As they were being lowered, he shouted: ‘Goodbye for ever’ and that was the last she saw of him.
Katie may have been identified aboard Carpathia by fellow survivor Lawrence Beesley in his 1912 book The Loss of the SS Titanic:
Among the Irish group was one girl of really remarkable beauty, black hair and deep violet eyes with long lashes, perfectly shaped features, and quite young, not more than eighteen or twenty; I think she lost no relatives on the Titanic.
Joyously welcomed by sister Molly in New York, Katie was photographed to reassure the family back home. She sat on a chair, smiling sweetly, as Molly stood protectively alongside.
Katie was born in Rhyne, County Longford, on 13 October 1894, appearing in the 1901 census as the second eldest child of parents Hugh (35) and Johanna (33) Gilnagh. Katie was aged just six, and had an elder sister Mary (7), the selfsame Molly who was waiting anxiously in New York eleven years later. Four other children listed were Ellen (5), Thomas (3), Bridget (2) and one-year-old Elizabeth.
Katie was initially assisted by the Jewish Emigrant Society in New York and was aided to the tune of $100 by the American Red Cross, which described her as an Irish domestic servant, 17 years old. She later married John J. Manning from Roscommon. Heartbreak came to Katie with the death of her brother William in 1917, while her adoring sister Molly died in 1933. Katie also lost her husband before they could grow old together. He died in April 1955, not yet 60.
She went back to Ireland only once, in 1962, on the fiftieth anniversary of the sinking, and crossed the Atlantic for only the second time in her life – this time on an airliner. Her nephew Johnny Thompson recalls that a soothing voice which came over the intercom had the opposite effect on Katie: ‘Good afternoon, ladies and gentlemen, this is Captain Smith … ’ Horribly alarmed and distressed, Katie had to be brought to the cockpit to verify that it wasn’t the same Captain Smith who was in charge on her first Atlantic journey.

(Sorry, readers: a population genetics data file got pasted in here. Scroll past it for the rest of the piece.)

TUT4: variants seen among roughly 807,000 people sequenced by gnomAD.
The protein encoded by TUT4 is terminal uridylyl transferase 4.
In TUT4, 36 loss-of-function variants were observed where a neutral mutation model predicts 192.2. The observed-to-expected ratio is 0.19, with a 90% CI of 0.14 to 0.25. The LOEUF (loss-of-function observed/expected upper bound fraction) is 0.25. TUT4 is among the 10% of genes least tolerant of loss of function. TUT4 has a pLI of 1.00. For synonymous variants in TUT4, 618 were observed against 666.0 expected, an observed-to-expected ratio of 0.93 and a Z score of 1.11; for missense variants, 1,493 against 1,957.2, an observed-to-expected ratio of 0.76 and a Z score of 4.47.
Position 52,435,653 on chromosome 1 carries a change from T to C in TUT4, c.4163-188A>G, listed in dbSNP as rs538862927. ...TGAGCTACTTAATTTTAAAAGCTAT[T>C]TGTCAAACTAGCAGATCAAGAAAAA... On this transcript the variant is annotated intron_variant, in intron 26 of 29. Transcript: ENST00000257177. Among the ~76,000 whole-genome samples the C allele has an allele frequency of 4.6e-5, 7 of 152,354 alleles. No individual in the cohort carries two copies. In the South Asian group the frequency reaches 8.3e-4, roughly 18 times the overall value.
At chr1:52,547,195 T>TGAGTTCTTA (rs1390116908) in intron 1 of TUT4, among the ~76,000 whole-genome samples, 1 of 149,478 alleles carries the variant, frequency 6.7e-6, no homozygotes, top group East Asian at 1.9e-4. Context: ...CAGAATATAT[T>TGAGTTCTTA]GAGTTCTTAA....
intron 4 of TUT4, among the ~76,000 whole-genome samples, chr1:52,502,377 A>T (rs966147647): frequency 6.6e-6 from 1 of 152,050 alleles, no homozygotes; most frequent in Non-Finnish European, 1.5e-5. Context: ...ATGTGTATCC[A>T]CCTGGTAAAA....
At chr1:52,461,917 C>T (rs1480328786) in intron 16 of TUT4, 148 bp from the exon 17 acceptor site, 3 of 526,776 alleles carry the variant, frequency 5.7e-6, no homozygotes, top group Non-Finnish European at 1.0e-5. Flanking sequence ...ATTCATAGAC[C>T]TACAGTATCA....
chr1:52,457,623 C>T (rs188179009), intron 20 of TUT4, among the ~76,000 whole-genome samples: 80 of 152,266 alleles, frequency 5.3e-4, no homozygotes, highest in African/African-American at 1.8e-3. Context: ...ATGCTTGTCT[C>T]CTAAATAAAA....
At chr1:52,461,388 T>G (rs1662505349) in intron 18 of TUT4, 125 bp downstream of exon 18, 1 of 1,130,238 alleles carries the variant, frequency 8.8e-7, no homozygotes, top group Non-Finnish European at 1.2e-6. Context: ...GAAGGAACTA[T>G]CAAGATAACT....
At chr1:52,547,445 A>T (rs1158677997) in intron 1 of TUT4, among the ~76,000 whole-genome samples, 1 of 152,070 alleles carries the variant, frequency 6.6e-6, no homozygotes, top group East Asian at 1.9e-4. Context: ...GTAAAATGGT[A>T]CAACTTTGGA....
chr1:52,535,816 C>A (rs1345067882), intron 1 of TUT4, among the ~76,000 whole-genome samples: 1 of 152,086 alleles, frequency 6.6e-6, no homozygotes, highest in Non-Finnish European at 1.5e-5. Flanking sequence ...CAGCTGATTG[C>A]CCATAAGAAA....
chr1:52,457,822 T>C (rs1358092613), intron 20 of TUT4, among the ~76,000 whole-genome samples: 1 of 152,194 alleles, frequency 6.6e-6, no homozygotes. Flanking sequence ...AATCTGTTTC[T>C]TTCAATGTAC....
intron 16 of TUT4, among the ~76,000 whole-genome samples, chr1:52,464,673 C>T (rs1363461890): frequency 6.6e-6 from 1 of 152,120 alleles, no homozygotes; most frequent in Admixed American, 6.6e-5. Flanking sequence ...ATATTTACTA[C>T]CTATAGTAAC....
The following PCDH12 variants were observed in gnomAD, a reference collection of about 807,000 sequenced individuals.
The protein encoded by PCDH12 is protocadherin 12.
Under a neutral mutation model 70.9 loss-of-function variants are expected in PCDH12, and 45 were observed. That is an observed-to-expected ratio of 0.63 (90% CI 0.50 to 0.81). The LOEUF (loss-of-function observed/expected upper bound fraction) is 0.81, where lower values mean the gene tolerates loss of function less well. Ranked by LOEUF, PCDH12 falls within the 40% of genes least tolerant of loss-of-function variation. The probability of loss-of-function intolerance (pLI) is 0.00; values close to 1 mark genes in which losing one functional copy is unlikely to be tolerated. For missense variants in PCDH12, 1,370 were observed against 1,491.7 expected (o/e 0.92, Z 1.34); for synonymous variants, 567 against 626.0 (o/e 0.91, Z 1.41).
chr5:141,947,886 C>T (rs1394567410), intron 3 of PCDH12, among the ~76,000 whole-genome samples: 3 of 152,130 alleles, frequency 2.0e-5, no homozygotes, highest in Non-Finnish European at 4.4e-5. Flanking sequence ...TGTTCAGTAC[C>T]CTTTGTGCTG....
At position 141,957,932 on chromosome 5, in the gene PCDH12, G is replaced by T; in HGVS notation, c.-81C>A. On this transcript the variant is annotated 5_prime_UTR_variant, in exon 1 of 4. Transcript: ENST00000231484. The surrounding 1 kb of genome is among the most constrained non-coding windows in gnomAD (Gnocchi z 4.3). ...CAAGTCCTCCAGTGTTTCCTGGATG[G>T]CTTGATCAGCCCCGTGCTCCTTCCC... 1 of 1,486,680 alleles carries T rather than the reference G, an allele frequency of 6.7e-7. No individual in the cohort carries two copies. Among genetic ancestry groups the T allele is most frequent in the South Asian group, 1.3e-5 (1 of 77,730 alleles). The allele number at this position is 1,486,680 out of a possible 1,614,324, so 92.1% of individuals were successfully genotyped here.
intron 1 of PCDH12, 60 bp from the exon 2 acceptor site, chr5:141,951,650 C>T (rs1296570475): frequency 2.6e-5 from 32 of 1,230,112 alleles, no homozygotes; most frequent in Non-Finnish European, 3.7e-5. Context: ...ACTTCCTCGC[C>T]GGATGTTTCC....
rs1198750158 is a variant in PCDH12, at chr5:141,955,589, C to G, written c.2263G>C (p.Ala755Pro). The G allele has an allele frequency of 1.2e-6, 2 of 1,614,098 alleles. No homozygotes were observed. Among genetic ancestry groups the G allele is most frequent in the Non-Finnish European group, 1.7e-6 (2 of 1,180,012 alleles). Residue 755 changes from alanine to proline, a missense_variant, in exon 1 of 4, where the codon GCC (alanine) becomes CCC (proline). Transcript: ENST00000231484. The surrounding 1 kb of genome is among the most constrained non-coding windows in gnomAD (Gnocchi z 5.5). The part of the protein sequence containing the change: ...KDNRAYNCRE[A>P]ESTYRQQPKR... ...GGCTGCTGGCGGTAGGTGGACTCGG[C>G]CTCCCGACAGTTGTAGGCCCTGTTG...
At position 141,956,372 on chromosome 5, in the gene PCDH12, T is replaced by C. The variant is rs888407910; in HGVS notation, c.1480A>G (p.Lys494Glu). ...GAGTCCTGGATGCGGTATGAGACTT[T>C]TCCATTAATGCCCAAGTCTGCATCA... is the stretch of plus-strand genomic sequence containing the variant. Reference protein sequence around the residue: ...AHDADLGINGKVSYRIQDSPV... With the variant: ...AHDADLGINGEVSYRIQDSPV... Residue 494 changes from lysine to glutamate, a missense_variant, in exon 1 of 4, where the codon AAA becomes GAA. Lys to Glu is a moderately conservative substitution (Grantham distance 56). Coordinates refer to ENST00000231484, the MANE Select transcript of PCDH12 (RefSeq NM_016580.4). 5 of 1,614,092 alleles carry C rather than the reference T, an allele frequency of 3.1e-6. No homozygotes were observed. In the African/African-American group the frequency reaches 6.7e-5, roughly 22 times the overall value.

Earlier that year, as a 67-year-old grandmother, Katie had attended a 50th anniversary memorial service at the Merchant Marine Institute in South Street, Manhattan. She told the Daily News of her memories of the sinking:
When we had gotten away from the ship I could see its lights but it was so dark I didn’t know what was happening. The man in the boat kept saying ‘I can see it sinking’. Then I did see it sink. It went down bow first. The water crept up to the portholes, extinguishing the lights. When it went under it made a loud frightening noise. About eight hours later we were rescued by the liner Carpathia. My relatives thought I was dead, and when I got to my sister’s house they were preparing for my funeral.
She told her family that there had been epithets about the pope on steel girders about the Titanic, written by the ‘Orangemen’ among the Belfast builders, but made no claims about seeing them herself.
Unlike other Irish survivors, Kate was not haunted by memories of Titanic and talked freely to those interested. She believed that she was spared for a reason and was intent on enjoying the years given to her after 1912. However, she never set foot on a ship again. Even when seeing off friends and family she would only ever go as far as the gangway. She died on 1 March 1971, aged 76. Her death certificate gave a date of birth at odds with Irish records (29 October 1895), making her 75 years old.
1911 census – Rhyne, Killoe, County Longford.
Hugh (46), farmer. Wife Johanna (44).
Married 18 years, ten children, nine surviving.
Mary (18), Kate (17), Ellen (15), Thomas (14), Bridget (12),
Elizabeth (11), Margaret (9), Johanna (7), Hugh (5).
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